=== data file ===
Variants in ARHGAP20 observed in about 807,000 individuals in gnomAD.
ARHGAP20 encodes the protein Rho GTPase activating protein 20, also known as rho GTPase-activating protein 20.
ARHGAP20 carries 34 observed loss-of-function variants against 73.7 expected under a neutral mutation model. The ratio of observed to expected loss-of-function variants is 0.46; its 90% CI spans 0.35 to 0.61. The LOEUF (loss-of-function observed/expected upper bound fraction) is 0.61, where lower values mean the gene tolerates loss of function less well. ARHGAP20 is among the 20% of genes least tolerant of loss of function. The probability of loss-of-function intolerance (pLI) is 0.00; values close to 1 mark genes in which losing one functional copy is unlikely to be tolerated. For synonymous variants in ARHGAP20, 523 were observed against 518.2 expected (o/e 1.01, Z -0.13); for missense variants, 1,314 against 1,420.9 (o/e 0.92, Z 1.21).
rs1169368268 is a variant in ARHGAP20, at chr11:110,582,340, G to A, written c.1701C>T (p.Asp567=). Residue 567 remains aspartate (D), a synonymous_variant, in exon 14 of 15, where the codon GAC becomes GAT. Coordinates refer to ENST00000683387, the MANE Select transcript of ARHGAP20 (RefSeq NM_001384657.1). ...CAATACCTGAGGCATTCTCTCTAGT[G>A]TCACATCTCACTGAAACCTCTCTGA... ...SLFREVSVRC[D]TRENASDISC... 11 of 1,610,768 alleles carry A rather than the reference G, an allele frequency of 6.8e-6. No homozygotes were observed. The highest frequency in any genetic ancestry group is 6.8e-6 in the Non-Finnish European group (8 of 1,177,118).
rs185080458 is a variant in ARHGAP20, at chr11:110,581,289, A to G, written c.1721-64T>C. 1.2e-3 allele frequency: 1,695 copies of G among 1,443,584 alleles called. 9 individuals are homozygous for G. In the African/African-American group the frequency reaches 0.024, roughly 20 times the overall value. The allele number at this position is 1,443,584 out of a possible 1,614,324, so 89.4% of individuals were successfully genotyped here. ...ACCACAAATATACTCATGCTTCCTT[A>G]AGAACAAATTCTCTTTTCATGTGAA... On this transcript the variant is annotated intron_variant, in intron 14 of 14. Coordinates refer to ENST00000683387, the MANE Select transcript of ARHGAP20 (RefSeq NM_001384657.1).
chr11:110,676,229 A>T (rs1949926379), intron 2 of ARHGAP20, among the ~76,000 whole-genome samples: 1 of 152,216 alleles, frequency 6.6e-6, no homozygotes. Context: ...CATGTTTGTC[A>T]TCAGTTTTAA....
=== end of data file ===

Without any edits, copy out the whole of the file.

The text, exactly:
Variants in ARHGAP20 observed in about 807,000 individuals in gnomAD.
ARHGAP20 encodes the protein Rho GTPase activating protein 20, also known as rho GTPase-activating protein 20.
ARHGAP20 carries 34 observed loss-of-function variants against 73.7 expected under a neutral mutation model. The ratio of observed to expected loss-of-function variants is 0.46; its 90% CI spans 0.35 to 0.61. The LOEUF (loss-of-function observed/expected upper bound fraction) is 0.61, where lower values mean the gene tolerates loss of function less well. ARHGAP20 is among the 20% of genes least tolerant of loss of function. The probability of loss-of-function intolerance (pLI) is 0.00; values close to 1 mark genes in which losing one functional copy is unlikely to be tolerated. For synonymous variants in ARHGAP20, 523 were observed against 518.2 expected (o/e 1.01, Z -0.13); for missense variants, 1,314 against 1,420.9 (o/e 0.92, Z 1.21).
rs1169368268 is a variant in ARHGAP20, at chr11:110,582,340, G to A, written c.1701C>T (p.Asp567=). Residue 567 remains aspartate (D), a synonymous_variant, in exon 14 of 15, where the codon GAC becomes GAT. Coordinates refer to ENST00000683387, the MANE Select transcript of ARHGAP20 (RefSeq NM_001384657.1). ...CAATACCTGAGGCATTCTCTCTAGT[G>A]TCACATCTCACTGAAACCTCTCTGA... ...SLFREVSVRC[D]TRENASDISC... 11 of 1,610,768 alleles carry A rather than the reference G, an allele frequency of 6.8e-6. No homozygotes were observed. The highest frequency in any genetic ancestry group is 6.8e-6 in the Non-Finnish European group (8 of 1,177,118).
rs185080458 is a variant in ARHGAP20, at chr11:110,581,289, A to G, written c.1721-64T>C. 1.2e-3 allele frequency: 1,695 copies of G among 1,443,584 alleles called. 9 individuals are homozygous for G. In the African/African-American group the frequency reaches 0.024, roughly 20 times the overall value. The allele number at this position is 1,443,584 out of a possible 1,614,324, so 89.4% of individuals were successfully genotyped here. ...ACCACAAATATACTCATGCTTCCTT[A>G]AGAACAAATTCTCTTTTCATGTGAA... On this transcript the variant is annotated intron_variant, in intron 14 of 14. Coordinates refer to ENST00000683387, the MANE Select transcript of ARHGAP20 (RefSeq NM_001384657.1).
chr11:110,676,229 A>T (rs1949926379), intron 2 of ARHGAP20, among the ~76,000 whole-genome samples: 1 of 152,216 alleles, frequency 6.6e-6, no homozygotes. Context: ...CATGTTTGTC[A>T]TCAGTTTTAA....